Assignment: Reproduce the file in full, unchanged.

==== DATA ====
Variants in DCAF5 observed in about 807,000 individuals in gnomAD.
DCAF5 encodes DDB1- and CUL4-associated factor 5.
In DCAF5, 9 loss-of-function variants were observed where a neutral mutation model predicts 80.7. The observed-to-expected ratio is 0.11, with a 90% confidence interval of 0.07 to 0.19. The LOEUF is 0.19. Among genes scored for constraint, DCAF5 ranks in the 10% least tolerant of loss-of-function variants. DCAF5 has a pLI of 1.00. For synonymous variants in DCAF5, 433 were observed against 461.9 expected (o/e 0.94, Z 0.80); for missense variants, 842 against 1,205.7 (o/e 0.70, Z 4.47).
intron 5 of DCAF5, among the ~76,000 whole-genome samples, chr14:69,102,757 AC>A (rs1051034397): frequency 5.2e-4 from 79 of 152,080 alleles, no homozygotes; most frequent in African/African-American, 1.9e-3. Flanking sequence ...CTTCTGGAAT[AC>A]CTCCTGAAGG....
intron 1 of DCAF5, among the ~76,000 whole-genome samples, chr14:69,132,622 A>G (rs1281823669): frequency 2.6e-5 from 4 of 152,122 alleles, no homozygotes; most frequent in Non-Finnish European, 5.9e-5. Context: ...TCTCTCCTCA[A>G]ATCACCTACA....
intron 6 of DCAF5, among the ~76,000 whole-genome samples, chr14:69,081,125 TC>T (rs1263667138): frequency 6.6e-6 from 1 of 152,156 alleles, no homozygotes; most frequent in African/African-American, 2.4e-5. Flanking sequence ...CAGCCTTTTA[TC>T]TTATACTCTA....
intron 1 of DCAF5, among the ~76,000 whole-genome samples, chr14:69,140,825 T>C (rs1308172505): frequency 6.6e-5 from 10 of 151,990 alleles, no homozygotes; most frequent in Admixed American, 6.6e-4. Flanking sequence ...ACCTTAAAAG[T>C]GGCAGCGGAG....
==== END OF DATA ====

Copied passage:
Variants in DCAF5 observed in about 807,000 individuals in gnomAD.
DCAF5 encodes DDB1- and CUL4-associated factor 5.
In DCAF5, 9 loss-of-function variants were observed where a neutral mutation model predicts 80.7. The observed-to-expected ratio is 0.11, with a 90% confidence interval of 0.07 to 0.19. The LOEUF is 0.19. Among genes scored for constraint, DCAF5 ranks in the 10% least tolerant of loss-of-function variants. DCAF5 has a pLI of 1.00. For synonymous variants in DCAF5, 433 were observed against 461.9 expected (o/e 0.94, Z 0.80); for missense variants, 842 against 1,205.7 (o/e 0.70, Z 4.47).
intron 5 of DCAF5, among the ~76,000 whole-genome samples, chr14:69,102,757 AC>A (rs1051034397): frequency 5.2e-4 from 79 of 152,080 alleles, no homozygotes; most frequent in African/African-American, 1.9e-3. Flanking sequence ...CTTCTGGAAT[AC>A]CTCCTGAAGG....
intron 1 of DCAF5, among the ~76,000 whole-genome samples, chr14:69,132,622 A>G (rs1281823669): frequency 2.6e-5 from 4 of 152,122 alleles, no homozygotes; most frequent in Non-Finnish European, 5.9e-5. Context: ...TCTCTCCTCA[A>G]ATCACCTACA....
intron 6 of DCAF5, among the ~76,000 whole-genome samples, chr14:69,081,125 TC>T (rs1263667138): frequency 6.6e-6 from 1 of 152,156 alleles, no homozygotes; most frequent in African/African-American, 2.4e-5. Flanking sequence ...CAGCCTTTTA[TC>T]TTATACTCTA....
intron 1 of DCAF5, among the ~76,000 whole-genome samples, chr14:69,140,825 T>C (rs1308172505): frequency 6.6e-5 from 10 of 151,990 alleles, no homozygotes; most frequent in Admixed American, 6.6e-4. Flanking sequence ...ACCTTAAAAG[T>C]GGCAGCGGAG....